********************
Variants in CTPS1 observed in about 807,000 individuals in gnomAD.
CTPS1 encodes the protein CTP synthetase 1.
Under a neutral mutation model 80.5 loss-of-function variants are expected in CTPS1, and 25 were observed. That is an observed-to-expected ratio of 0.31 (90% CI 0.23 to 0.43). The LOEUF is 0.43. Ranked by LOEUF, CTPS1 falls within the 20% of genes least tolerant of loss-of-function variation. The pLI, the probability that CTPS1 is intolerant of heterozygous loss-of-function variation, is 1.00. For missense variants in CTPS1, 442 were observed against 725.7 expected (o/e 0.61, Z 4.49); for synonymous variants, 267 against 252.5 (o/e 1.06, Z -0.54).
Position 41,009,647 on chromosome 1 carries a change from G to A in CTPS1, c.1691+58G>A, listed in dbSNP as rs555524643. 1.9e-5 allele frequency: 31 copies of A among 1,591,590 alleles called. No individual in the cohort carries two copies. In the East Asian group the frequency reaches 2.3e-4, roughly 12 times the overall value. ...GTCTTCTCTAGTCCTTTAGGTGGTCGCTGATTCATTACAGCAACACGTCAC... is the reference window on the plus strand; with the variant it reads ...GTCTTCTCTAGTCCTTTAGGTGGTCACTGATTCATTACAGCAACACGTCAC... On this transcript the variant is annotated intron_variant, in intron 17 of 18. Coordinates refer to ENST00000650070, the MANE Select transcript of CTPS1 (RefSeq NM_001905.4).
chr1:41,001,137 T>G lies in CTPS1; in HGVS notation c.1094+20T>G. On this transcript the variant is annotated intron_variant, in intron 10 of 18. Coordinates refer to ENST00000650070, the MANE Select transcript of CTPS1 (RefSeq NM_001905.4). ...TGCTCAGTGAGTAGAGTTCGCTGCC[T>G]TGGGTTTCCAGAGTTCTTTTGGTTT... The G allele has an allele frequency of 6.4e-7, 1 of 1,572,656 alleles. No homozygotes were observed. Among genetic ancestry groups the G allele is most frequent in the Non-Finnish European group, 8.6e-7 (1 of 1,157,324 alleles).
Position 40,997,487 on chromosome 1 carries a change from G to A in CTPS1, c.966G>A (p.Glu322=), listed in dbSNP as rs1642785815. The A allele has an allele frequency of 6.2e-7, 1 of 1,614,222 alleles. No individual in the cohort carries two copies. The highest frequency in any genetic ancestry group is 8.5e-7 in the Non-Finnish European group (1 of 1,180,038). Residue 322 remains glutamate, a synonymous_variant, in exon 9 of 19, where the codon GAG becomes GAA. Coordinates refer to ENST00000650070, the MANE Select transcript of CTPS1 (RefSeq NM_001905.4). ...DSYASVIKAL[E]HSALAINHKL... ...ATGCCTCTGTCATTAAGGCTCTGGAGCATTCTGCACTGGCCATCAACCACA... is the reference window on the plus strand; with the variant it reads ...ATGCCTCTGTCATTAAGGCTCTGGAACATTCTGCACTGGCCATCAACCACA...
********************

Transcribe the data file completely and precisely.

Variants in CTPS1 observed in about 807,000 individuals in gnomAD.
CTPS1 encodes the protein CTP synthetase 1.
Under a neutral mutation model 80.5 loss-of-function variants are expected in CTPS1, and 25 were observed. That is an observed-to-expected ratio of 0.31 (90% CI 0.23 to 0.43). The LOEUF is 0.43. Ranked by LOEUF, CTPS1 falls within the 20% of genes least tolerant of loss-of-function variation. The pLI, the probability that CTPS1 is intolerant of heterozygous loss-of-function variation, is 1.00. For missense variants in CTPS1, 442 were observed against 725.7 expected (o/e 0.61, Z 4.49); for synonymous variants, 267 against 252.5 (o/e 1.06, Z -0.54).
Position 41,009,647 on chromosome 1 carries a change from G to A in CTPS1, c.1691+58G>A, listed in dbSNP as rs555524643. 1.9e-5 allele frequency: 31 copies of A among 1,591,590 alleles called. No individual in the cohort carries two copies. In the East Asian group the frequency reaches 2.3e-4, roughly 12 times the overall value. ...GTCTTCTCTAGTCCTTTAGGTGGTCGCTGATTCATTACAGCAACACGTCAC... is the reference window on the plus strand; with the variant it reads ...GTCTTCTCTAGTCCTTTAGGTGGTCACTGATTCATTACAGCAACACGTCAC... On this transcript the variant is annotated intron_variant, in intron 17 of 18. Coordinates refer to ENST00000650070, the MANE Select transcript of CTPS1 (RefSeq NM_001905.4).
chr1:41,001,137 T>G lies in CTPS1; in HGVS notation c.1094+20T>G. On this transcript the variant is annotated intron_variant, in intron 10 of 18. Coordinates refer to ENST00000650070, the MANE Select transcript of CTPS1 (RefSeq NM_001905.4). ...TGCTCAGTGAGTAGAGTTCGCTGCC[T>G]TGGGTTTCCAGAGTTCTTTTGGTTT... The G allele has an allele frequency of 6.4e-7, 1 of 1,572,656 alleles. No homozygotes were observed. Among genetic ancestry groups the G allele is most frequent in the Non-Finnish European group, 8.6e-7 (1 of 1,157,324 alleles).
Position 40,997,487 on chromosome 1 carries a change from G to A in CTPS1, c.966G>A (p.Glu322=), listed in dbSNP as rs1642785815. The A allele has an allele frequency of 6.2e-7, 1 of 1,614,222 alleles. No individual in the cohort carries two copies. The highest frequency in any genetic ancestry group is 8.5e-7 in the Non-Finnish European group (1 of 1,180,038). Residue 322 remains glutamate, a synonymous_variant, in exon 9 of 19, where the codon GAG becomes GAA. Coordinates refer to ENST00000650070, the MANE Select transcript of CTPS1 (RefSeq NM_001905.4). ...DSYASVIKAL[E]HSALAINHKL... ...ATGCCTCTGTCATTAAGGCTCTGGAGCATTCTGCACTGGCCATCAACCACA... is the reference window on the plus strand; with the variant it reads ...ATGCCTCTGTCATTAAGGCTCTGGAACATTCTGCACTGGCCATCAACCACA...